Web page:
A Michigan Student Assembly effort to revamp the document that governs campus life for students at the University has been deemed unconstitutional by the leading campus judicial body.

In a trial that ended late Monday night, the Central Student Judiciary ruled that the Constitutional Convention, which was being organized and executed by top officials from MSA, violates the student constitution. They also ruled that the convention needed to be disbanded immediately.

When the convention was first presented as a resolution during a weekly MSA meeting earlier this semester, Rackham Rep. Kate Stenvig said she did not think it was constitutional. After the resolution passed, Stenvig brought the case to the CSJ.

Student General Counsel Jim Brusstar and Rules and Elections Committee Chair and Rackham Rep. Michael Benson argued the case on behalf of MSA. They served as secretary and vice chair of the convention, respectively, until it was disbanded last night.

The justices found that the creation of the convention was not in compliance with the student constitution, which states that a convention requires its delegates to be elected.

In preparing for the convention, MSA officials opted to invite all students to apply to serve on the Constitutional Conventional, rather than hold a campus-wide election. MSA President Abhishek Mahanti then reviewed students’ applications and selected about 40 students to serve on the convention. These 40 names were then presented to the assembly for approval.

Stenvig applied to serve on the convention in one of the eight seats allotted for MSA representatives but was not chosen by Mahanti.

CSJ ruled that this process did not qualify as an “election,” which the constitution deems mandatory, and the judicial body ruled the current convention invalid.

“CSJ ruled that the convention should be proportionately represented by school or college and serious questions were raised about whether or not student organizations should be represented at all,” MSA Vice President Mike Rorro wrote in an e-mail to MSA members after the ruling.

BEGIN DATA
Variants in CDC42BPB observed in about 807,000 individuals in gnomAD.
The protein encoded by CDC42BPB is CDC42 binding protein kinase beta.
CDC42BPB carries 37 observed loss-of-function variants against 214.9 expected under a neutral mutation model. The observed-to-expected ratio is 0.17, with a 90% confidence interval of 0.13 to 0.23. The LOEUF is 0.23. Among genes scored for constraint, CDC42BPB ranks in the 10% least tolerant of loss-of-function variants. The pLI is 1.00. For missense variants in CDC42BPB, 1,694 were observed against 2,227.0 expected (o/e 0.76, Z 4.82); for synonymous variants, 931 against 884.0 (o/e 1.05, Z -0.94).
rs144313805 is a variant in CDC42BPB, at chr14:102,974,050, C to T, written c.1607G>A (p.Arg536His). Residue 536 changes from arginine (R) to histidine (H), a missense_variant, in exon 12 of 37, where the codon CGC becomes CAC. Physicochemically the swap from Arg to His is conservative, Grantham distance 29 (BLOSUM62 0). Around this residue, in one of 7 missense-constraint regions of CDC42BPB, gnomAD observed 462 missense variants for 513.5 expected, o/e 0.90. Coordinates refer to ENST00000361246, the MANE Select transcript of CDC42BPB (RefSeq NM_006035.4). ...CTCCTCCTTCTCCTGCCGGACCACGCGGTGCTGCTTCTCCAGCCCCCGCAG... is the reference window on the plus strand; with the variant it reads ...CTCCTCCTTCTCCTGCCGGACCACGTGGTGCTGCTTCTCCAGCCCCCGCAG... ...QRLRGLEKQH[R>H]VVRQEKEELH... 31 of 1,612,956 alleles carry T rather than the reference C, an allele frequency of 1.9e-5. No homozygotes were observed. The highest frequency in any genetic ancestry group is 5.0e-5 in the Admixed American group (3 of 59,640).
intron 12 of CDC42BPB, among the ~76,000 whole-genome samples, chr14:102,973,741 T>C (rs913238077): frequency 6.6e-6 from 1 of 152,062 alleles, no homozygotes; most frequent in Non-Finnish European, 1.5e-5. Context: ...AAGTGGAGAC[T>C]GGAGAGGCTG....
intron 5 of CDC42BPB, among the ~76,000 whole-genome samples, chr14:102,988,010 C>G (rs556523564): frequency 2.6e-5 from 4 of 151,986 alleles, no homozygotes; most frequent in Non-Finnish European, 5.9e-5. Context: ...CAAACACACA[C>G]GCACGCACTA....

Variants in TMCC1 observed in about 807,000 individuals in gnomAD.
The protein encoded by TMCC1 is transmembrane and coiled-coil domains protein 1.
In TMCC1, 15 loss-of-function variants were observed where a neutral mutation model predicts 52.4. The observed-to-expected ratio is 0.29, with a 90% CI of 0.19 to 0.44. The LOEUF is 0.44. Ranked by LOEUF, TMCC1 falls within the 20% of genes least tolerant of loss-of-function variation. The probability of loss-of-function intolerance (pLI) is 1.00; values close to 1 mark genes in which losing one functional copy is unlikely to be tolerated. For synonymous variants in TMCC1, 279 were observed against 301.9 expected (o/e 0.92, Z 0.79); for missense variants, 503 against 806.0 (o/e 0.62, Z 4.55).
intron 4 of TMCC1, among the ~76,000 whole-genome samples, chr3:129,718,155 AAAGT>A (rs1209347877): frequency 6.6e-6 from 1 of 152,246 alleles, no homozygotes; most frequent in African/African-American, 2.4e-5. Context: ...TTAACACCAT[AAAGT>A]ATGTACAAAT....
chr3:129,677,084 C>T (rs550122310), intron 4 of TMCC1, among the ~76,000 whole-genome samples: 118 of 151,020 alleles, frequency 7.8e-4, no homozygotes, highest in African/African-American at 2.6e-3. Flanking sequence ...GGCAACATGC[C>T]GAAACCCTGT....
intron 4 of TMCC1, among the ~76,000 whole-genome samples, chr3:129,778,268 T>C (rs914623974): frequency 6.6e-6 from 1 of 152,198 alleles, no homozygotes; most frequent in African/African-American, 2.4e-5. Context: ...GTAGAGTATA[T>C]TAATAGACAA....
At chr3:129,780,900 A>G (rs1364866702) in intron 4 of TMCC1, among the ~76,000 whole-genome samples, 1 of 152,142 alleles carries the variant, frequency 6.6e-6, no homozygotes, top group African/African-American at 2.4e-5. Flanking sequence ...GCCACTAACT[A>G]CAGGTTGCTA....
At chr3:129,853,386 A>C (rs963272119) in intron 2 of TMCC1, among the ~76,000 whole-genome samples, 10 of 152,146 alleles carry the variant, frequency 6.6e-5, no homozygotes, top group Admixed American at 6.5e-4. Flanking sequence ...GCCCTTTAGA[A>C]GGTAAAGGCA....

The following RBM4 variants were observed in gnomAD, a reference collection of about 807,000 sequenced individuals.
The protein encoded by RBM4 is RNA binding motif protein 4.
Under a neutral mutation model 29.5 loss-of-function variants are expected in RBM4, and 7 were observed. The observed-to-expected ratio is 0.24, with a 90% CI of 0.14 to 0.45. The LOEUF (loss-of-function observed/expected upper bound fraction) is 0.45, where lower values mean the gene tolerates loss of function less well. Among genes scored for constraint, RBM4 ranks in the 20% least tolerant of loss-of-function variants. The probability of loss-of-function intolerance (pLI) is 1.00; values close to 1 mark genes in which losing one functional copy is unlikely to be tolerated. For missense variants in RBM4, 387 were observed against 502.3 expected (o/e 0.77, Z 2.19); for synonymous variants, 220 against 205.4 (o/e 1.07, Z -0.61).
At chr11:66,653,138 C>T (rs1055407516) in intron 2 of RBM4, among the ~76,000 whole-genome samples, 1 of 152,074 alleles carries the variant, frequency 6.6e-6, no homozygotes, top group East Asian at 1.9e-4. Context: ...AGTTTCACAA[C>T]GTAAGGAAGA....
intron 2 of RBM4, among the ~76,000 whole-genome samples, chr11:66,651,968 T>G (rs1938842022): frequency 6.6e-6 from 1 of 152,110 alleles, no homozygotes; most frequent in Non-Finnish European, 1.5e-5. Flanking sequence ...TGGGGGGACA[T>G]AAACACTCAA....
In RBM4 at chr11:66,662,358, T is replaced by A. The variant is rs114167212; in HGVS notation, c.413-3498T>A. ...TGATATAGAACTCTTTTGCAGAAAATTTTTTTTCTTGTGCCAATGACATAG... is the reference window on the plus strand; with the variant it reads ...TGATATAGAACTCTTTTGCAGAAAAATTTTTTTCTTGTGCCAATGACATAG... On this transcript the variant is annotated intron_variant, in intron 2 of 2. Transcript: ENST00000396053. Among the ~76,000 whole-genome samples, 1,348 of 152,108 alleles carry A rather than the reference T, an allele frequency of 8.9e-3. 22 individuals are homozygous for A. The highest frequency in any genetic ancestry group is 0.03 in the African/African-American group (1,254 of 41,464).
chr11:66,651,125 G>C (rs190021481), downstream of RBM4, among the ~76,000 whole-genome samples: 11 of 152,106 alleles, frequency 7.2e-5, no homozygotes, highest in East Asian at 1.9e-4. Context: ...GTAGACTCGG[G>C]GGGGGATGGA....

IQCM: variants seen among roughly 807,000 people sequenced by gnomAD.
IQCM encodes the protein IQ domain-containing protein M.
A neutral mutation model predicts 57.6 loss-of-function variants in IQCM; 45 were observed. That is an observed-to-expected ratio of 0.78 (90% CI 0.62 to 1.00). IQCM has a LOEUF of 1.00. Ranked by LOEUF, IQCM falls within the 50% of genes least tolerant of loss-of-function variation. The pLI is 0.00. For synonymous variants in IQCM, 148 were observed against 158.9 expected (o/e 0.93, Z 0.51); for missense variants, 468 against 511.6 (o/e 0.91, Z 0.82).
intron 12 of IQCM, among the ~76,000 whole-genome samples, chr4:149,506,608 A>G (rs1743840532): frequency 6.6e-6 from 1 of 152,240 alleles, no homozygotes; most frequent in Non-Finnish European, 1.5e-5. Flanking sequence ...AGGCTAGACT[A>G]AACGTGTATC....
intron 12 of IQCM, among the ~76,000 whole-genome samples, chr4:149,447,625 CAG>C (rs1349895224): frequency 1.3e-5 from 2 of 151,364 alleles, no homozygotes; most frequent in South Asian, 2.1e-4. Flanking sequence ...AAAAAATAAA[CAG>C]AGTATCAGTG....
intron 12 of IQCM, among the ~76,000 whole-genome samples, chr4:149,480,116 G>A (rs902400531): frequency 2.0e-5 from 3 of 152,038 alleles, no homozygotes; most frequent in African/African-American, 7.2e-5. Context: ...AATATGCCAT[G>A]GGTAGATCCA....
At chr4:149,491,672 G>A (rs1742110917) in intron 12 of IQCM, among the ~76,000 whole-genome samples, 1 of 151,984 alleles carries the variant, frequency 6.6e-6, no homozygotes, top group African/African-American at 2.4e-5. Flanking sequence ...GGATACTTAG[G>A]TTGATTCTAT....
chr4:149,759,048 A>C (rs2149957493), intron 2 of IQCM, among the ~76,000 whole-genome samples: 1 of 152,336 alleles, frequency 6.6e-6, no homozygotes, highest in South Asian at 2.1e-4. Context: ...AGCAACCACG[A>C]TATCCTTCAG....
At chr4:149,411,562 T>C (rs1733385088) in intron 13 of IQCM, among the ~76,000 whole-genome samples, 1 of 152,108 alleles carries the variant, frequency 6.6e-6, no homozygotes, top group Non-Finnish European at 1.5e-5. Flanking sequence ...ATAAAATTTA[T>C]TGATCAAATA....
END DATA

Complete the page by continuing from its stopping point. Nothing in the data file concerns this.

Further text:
Stenvig’s legal representation, Joyce Schon, argued that including so many MSA members in the convention would just advance the majority party’s agenda.

“I think that the current MSA leadership that organized the convention in this manner has been making a series of attacks on the basic democracy and free speech that the MSA constitution provides to students,” Stenvig said.

Stenvig is a leader of the Defend Affirmative Action Party — a party that has held MSA representative seats over the past several years but has never won executive seats. Though they are no longer affiliated with a party, Mahanti and Rorro both ran with the Michigan Vision Party. Two of the eight MSA representatives appointed to the constitutional convention are MVP members.

Schon asserted in the proceedings that different voices are required to update the constitution in an effective manner.

“The reason an election is required is for constituents to elect them,” Schon said. “That’s the only way changes are going to be made.”

Rorro, who served as chair of the Constitutional Convention, said after the meeting that MSA has other means of proposing amendments to the student body, though they are less efficient.

The student body must vote on any amendment to the constitution, no matter how small. The constitution requires one of three methods for an amendment to be added to the ballot, so that it can be voted on by the entire student population.

MSA can garner a two-thirds majority vote to get amendments added to the campus-wide ballot. Alternatively, a student or student group can petition MSA to add proposed amendments to the ballot. Each proposed amendment requires 1,000 student signatures.